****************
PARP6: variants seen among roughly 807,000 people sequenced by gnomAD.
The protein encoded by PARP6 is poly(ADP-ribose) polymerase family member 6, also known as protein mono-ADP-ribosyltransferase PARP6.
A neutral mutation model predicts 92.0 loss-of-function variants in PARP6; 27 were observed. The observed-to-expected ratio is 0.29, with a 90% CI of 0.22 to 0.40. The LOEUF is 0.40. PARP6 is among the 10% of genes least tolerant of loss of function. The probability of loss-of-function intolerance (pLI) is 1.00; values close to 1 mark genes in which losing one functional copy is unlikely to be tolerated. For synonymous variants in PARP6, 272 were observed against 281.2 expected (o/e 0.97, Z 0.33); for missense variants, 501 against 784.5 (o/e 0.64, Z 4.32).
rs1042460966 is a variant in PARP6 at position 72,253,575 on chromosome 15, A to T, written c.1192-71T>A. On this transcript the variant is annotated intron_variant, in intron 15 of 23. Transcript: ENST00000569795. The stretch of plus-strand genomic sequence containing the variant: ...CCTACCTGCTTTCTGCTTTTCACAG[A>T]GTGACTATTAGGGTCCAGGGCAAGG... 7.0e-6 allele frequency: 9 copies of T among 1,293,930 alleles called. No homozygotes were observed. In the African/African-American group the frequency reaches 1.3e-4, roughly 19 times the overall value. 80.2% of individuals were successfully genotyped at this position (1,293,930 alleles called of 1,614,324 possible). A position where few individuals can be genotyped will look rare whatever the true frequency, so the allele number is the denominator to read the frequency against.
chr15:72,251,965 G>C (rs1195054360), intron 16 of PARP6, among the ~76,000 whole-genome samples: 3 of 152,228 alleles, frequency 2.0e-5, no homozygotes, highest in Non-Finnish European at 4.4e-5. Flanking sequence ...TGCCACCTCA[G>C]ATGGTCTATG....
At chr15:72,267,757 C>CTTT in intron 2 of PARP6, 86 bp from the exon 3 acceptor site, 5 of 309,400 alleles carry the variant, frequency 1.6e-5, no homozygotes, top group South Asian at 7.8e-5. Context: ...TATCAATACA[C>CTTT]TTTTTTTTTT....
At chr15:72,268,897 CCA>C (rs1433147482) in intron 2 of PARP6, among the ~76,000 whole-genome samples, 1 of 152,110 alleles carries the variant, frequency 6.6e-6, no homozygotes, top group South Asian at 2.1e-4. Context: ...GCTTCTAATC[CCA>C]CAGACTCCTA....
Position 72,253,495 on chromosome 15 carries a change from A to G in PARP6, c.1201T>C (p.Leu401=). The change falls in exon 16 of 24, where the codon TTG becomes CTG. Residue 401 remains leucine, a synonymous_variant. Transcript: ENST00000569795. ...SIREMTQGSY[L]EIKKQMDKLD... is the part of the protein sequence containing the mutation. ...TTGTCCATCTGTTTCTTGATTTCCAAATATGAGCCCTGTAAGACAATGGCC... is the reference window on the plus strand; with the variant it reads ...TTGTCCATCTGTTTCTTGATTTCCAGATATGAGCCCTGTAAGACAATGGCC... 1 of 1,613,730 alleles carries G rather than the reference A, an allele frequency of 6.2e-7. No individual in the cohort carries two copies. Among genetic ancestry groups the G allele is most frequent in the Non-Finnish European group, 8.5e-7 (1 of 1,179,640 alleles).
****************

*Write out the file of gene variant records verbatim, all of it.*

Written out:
PARP6: variants seen among roughly 807,000 people sequenced by gnomAD.
The protein encoded by PARP6 is poly(ADP-ribose) polymerase family member 6, also known as protein mono-ADP-ribosyltransferase PARP6.
A neutral mutation model predicts 92.0 loss-of-function variants in PARP6; 27 were observed. The observed-to-expected ratio is 0.29, with a 90% CI of 0.22 to 0.40. The LOEUF is 0.40. PARP6 is among the 10% of genes least tolerant of loss of function. The probability of loss-of-function intolerance (pLI) is 1.00; values close to 1 mark genes in which losing one functional copy is unlikely to be tolerated. For synonymous variants in PARP6, 272 were observed against 281.2 expected (o/e 0.97, Z 0.33); for missense variants, 501 against 784.5 (o/e 0.64, Z 4.32).
rs1042460966 is a variant in PARP6 at position 72,253,575 on chromosome 15, A to T, written c.1192-71T>A. On this transcript the variant is annotated intron_variant, in intron 15 of 23. Transcript: ENST00000569795. The stretch of plus-strand genomic sequence containing the variant: ...CCTACCTGCTTTCTGCTTTTCACAG[A>T]GTGACTATTAGGGTCCAGGGCAAGG... 7.0e-6 allele frequency: 9 copies of T among 1,293,930 alleles called. No homozygotes were observed. In the African/African-American group the frequency reaches 1.3e-4, roughly 19 times the overall value. 80.2% of individuals were successfully genotyped at this position (1,293,930 alleles called of 1,614,324 possible). A position where few individuals can be genotyped will look rare whatever the true frequency, so the allele number is the denominator to read the frequency against.
chr15:72,251,965 G>C (rs1195054360), intron 16 of PARP6, among the ~76,000 whole-genome samples: 3 of 152,228 alleles, frequency 2.0e-5, no homozygotes, highest in Non-Finnish European at 4.4e-5. Flanking sequence ...TGCCACCTCA[G>C]ATGGTCTATG....
At chr15:72,267,757 C>CTTT in intron 2 of PARP6, 86 bp from the exon 3 acceptor site, 5 of 309,400 alleles carry the variant, frequency 1.6e-5, no homozygotes, top group South Asian at 7.8e-5. Context: ...TATCAATACA[C>CTTT]TTTTTTTTTT....
At chr15:72,268,897 CCA>C (rs1433147482) in intron 2 of PARP6, among the ~76,000 whole-genome samples, 1 of 152,110 alleles carries the variant, frequency 6.6e-6, no homozygotes, top group South Asian at 2.1e-4. Context: ...GCTTCTAATC[CCA>C]CAGACTCCTA....
Position 72,253,495 on chromosome 15 carries a change from A to G in PARP6, c.1201T>C (p.Leu401=). The change falls in exon 16 of 24, where the codon TTG becomes CTG. Residue 401 remains leucine, a synonymous_variant. Transcript: ENST00000569795. ...SIREMTQGSY[L]EIKKQMDKLD... is the part of the protein sequence containing the mutation. ...TTGTCCATCTGTTTCTTGATTTCCAAATATGAGCCCTGTAAGACAATGGCC... is the reference window on the plus strand; with the variant it reads ...TTGTCCATCTGTTTCTTGATTTCCAGATATGAGCCCTGTAAGACAATGGCC... 1 of 1,613,730 alleles carries G rather than the reference A, an allele frequency of 6.2e-7. No individual in the cohort carries two copies. Among genetic ancestry groups the G allele is most frequent in the Non-Finnish European group, 8.5e-7 (1 of 1,179,640 alleles).